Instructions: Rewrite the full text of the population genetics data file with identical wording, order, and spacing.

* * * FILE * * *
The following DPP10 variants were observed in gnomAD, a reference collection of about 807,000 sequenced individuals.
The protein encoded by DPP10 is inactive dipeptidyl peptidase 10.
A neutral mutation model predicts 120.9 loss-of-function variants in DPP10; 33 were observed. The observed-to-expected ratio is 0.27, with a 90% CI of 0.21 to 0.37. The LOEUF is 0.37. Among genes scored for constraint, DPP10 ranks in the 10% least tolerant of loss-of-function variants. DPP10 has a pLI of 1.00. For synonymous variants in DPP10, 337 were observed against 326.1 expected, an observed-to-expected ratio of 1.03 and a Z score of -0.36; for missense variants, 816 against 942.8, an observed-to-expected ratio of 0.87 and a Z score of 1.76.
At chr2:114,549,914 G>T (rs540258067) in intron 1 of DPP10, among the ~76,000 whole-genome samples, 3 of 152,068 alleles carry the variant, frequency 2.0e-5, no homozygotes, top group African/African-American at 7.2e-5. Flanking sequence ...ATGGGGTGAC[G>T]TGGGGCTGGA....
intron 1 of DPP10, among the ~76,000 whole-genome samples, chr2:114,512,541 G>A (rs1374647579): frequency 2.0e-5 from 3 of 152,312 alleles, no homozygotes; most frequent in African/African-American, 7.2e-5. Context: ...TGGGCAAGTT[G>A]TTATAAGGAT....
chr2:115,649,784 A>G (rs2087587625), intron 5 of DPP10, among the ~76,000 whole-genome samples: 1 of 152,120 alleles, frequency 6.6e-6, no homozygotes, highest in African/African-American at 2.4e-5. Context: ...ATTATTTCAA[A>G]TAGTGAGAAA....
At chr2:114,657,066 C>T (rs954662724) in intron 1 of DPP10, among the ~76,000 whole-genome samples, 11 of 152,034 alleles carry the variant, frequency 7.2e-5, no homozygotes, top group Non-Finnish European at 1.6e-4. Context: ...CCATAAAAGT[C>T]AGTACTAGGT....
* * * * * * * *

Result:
The following DPP10 variants were observed in gnomAD, a reference collection of about 807,000 sequenced individuals.
The protein encoded by DPP10 is inactive dipeptidyl peptidase 10.
A neutral mutation model predicts 120.9 loss-of-function variants in DPP10; 33 were observed. The observed-to-expected ratio is 0.27, with a 90% CI of 0.21 to 0.37. The LOEUF is 0.37. Among genes scored for constraint, DPP10 ranks in the 10% least tolerant of loss-of-function variants. DPP10 has a pLI of 1.00. For synonymous variants in DPP10, 337 were observed against 326.1 expected, an observed-to-expected ratio of 1.03 and a Z score of -0.36; for missense variants, 816 against 942.8, an observed-to-expected ratio of 0.87 and a Z score of 1.76.
At chr2:114,549,914 G>T (rs540258067) in intron 1 of DPP10, among the ~76,000 whole-genome samples, 3 of 152,068 alleles carry the variant, frequency 2.0e-5, no homozygotes, top group African/African-American at 7.2e-5. Flanking sequence ...ATGGGGTGAC[G>T]TGGGGCTGGA....
intron 1 of DPP10, among the ~76,000 whole-genome samples, chr2:114,512,541 G>A (rs1374647579): frequency 2.0e-5 from 3 of 152,312 alleles, no homozygotes; most frequent in African/African-American, 7.2e-5. Context: ...TGGGCAAGTT[G>A]TTATAAGGAT....
chr2:115,649,784 A>G (rs2087587625), intron 5 of DPP10, among the ~76,000 whole-genome samples: 1 of 152,120 alleles, frequency 6.6e-6, no homozygotes, highest in African/African-American at 2.4e-5. Context: ...ATTATTTCAA[A>G]TAGTGAGAAA....
At chr2:114,657,066 C>T (rs954662724) in intron 1 of DPP10, among the ~76,000 whole-genome samples, 11 of 152,034 alleles carry the variant, frequency 7.2e-5, no homozygotes, top group Non-Finnish European at 1.6e-4. Context: ...CCATAAAAGT[C>T]AGTACTAGGT....